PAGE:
Helpers and petting - Page 3 - German Shepherd Dog Forums

Increase font size: 0, 10, 25, 50%

GermanShepherds.com is the premier German Shepherd Forum on the internet. Registered Users do not see the above ads.
Reply
 
LinkBack Thread Tools
Old 02-21-2013, 09:55 AM   #21 (permalink)
Moderator
 
Liesje's Avatar
 
Join Date: Mar 2007
Location: Grand Rapids, MI
Posts: 18,454
Default

Yeah I'm still not really getting it...not saying it's wrong but WHY? For training....ok training what? I see people that do lots of stuff in training that I don't think is appropriate or I won't allow with my dog.
__________________
Coke (All-American 7/7/06)
Nikon (GSD 9/7/08)
Indy (All-American 5/10/12)
Legend (GSD 10/22/13)
Rainbow Bridge Kenya (GSD)

Liesje is offline   Reply With Quote Quick reply to this message
Sponsored Links
Advertisement
 
Old 02-21-2013, 10:06 AM   #22 (permalink)
Moderator
 
gagsd's Avatar
 
Join Date: Apr 2003
Location: georgia
Posts: 4,262
Default

I agree Lies..... wrong or right is not my question so much as WHY.

I remember one of the first dogs I ever worked was very quick to bite. Green dog, green handler and green helper. Helper reached under to cradle the jaw and very nearly lost fingers. That dog was THRILLED to be offered something to bite.
Another dog I work now just does not want a helper during protection handling him, much less trying to pet him/stroke him on the head while biting.

If the point is to calm the grip, and all it does is cause the dog to fight more.... then why would we need to desensitize that? (even if we could)
And at least for the dogs I have experience with, adding defense is not the reason. That can be done with a look.
__________________
----Mary
von den Thermalquellen
on Facebook
-and- on the web
gagsd is offline   Reply With Quote Quick reply to this message
Old 02-21-2013, 10:32 AM   #23 (permalink)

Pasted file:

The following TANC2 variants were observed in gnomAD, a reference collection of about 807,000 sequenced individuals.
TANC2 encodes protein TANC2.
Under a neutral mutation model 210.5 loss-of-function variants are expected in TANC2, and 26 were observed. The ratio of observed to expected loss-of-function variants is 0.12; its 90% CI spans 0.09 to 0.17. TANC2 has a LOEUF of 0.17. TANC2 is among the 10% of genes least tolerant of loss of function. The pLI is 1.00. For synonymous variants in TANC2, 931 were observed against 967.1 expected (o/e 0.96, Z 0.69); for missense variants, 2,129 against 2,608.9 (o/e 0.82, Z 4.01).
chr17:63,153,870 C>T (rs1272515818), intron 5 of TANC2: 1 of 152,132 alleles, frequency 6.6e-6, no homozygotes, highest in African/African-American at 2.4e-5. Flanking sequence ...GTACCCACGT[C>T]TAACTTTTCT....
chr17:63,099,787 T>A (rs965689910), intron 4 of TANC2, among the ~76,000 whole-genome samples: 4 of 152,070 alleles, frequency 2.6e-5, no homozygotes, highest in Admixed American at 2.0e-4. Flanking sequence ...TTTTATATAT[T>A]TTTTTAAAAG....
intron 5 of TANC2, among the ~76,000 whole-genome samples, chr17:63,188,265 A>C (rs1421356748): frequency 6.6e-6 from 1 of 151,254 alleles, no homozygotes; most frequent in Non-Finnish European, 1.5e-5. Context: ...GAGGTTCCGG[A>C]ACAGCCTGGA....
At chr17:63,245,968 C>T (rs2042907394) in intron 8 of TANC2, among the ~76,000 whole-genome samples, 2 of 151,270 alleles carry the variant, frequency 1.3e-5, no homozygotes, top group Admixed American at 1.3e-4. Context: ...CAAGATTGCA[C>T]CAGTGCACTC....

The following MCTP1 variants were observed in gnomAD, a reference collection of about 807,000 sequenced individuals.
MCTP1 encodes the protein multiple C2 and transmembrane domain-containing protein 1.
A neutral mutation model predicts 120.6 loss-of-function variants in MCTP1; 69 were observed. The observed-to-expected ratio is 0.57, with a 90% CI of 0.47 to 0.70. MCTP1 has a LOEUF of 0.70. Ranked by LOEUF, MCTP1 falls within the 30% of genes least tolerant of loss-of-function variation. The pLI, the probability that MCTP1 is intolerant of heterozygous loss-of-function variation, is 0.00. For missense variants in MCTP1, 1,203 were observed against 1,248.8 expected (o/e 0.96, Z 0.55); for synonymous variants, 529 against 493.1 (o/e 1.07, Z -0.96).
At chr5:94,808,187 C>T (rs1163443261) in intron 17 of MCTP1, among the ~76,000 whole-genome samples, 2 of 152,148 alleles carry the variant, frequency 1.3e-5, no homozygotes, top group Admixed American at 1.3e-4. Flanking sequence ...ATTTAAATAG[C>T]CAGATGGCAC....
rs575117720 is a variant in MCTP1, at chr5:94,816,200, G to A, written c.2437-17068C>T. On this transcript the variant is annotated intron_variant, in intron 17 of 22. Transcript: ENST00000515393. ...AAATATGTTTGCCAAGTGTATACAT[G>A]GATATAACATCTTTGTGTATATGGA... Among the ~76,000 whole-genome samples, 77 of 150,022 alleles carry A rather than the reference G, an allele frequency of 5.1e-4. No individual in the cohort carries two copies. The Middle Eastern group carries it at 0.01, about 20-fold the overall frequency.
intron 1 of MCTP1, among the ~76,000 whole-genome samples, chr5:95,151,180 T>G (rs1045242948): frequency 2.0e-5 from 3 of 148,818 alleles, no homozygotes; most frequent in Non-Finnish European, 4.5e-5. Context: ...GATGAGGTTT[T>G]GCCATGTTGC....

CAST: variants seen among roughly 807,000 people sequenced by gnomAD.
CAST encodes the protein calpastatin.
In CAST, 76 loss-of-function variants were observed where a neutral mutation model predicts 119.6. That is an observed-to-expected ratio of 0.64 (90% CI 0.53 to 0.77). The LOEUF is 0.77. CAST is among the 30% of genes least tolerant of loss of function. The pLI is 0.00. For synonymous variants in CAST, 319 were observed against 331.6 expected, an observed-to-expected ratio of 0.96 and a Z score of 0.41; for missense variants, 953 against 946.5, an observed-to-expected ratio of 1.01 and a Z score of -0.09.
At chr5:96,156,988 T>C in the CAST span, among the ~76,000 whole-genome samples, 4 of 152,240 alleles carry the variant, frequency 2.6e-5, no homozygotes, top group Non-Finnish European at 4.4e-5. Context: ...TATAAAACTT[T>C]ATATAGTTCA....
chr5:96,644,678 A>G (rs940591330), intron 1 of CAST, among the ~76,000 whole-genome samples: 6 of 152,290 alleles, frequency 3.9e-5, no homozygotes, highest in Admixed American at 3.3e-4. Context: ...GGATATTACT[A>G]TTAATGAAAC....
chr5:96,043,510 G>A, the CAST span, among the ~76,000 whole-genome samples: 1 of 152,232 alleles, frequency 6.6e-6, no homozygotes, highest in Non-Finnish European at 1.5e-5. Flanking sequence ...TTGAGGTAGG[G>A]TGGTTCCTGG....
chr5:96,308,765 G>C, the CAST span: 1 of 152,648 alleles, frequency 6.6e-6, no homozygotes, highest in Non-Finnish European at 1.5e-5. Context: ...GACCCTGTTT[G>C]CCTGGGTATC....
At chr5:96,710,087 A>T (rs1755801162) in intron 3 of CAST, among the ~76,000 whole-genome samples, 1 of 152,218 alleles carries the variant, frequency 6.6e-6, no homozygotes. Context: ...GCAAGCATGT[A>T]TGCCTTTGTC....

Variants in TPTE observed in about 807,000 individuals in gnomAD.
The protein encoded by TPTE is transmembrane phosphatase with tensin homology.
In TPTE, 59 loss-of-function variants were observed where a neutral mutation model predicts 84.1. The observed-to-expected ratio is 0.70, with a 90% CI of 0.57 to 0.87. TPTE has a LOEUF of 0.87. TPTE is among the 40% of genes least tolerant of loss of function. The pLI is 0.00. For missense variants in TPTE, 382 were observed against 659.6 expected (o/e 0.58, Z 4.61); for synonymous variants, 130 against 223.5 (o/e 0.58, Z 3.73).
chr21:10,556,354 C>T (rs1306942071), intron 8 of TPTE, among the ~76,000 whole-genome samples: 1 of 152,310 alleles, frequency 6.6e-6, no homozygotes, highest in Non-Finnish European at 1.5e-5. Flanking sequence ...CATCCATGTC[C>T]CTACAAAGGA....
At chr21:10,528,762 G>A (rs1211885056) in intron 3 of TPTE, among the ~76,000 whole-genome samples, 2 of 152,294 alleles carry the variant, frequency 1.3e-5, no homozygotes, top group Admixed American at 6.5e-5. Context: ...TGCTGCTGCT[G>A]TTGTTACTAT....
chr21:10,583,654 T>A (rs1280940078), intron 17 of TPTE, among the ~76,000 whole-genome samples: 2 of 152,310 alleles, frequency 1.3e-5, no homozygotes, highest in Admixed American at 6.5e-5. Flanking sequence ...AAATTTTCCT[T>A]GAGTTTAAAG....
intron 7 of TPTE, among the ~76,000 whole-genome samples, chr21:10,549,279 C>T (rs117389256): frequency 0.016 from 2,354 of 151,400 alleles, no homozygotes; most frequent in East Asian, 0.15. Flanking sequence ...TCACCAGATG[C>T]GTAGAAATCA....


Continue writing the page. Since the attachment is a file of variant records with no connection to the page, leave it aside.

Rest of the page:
Master Member
 
ayoitzrimz's Avatar
 
Join Date: Apr 2010
Location: Denver, CO
Posts: 987
Default

There are lots of reasons to do it (cup under the jaw bit). Depends on the dog.
For some dogs, its to add a little pressure and make them uncomfortable to try and get them to counter.
For other dogs, its to actually calm the grip.
Yet for other dogs, we've done it to discourage automatic out due to the new rule changes (transition phase).
Point is: you gotta do what makes the dog offer the behavior you want. If it's more fight, more calmness, etc it does not matter because the same action can have different results depending ON THE DOG!

There are things that may look different to handler and helper. Example: you see lots of helpers (Vit Glisnik comes to mind) that will almost pet the dogs' feet with the stick. Looks like they are gently brushing them with the stick! A handler might say - what's the point? desensitize them to it? Make friends with them? No I don't want my helper being friendly with the dog or letting him know he's safe etc. but in reality lots of dogs don't like having their paws touched and doing so even gently makes them uncomfortable enough to counter, fight, grip harder, whatever the individual dog does - and if that's what you are trying to achieve in that training session then that's good training!

The point is, helpers often try different things on different dogs and see what works. Ask the helper about why he did xyz, and he / she should give you a reason that you may or may not agree with - but you should not get a blank stare back

But yea, I agree in not doing something without the why. The why can be simple or complex, but there must be a reason for any behavior by the helper (because there is always a reason for a behavior by the dog!)

Last edited by ayoitzrimz; 02-21-2013 at 10:41 AM.
ayoitzrimz is offline   Reply With Quote Quick reply to this message
Old 02-21-2013, 10:36 AM   #24 (permalink)
Crowned Member
 
Join Date: Jan 2001
Location: Nashville, TN and Budapest HU
Posts: 4,256
Default

It is also, when done correctly and at the correct time, to check the grip. Not only the fullness, but the intensity and chewiness. A grip might look full, but the pressure is "like a butterfly on my arm" .

Again, it is another tool that can be used, when needed.

Plus, the helper should explain why and discuss with the handler. Not just do it. And there should be a reason for it.
__________________
www.k9imports.com
V KK1 Molinari Enzo SCH3,IPO3,VK3,FH (WUSVx3,FCIx4)HOT
KK1 Frodo v Biezenhoeve SCH3,IPO3,HPO3.FCI & WUSV '10-'12, FCI '14. HOT
KK1 Griff v Tajgetosz SCH3,IPO3(BHOT) FCI & WUSV 2013
Smithie86 is offline   Reply With Quote Quick reply to this message
Old 02-21-2013, 11:38 AM   #25 (permalink)
Knighted Member
 
Vandal's Avatar
 
Join Date: Dec 2000
Location: Saugus, CA
Posts: 2,149
Default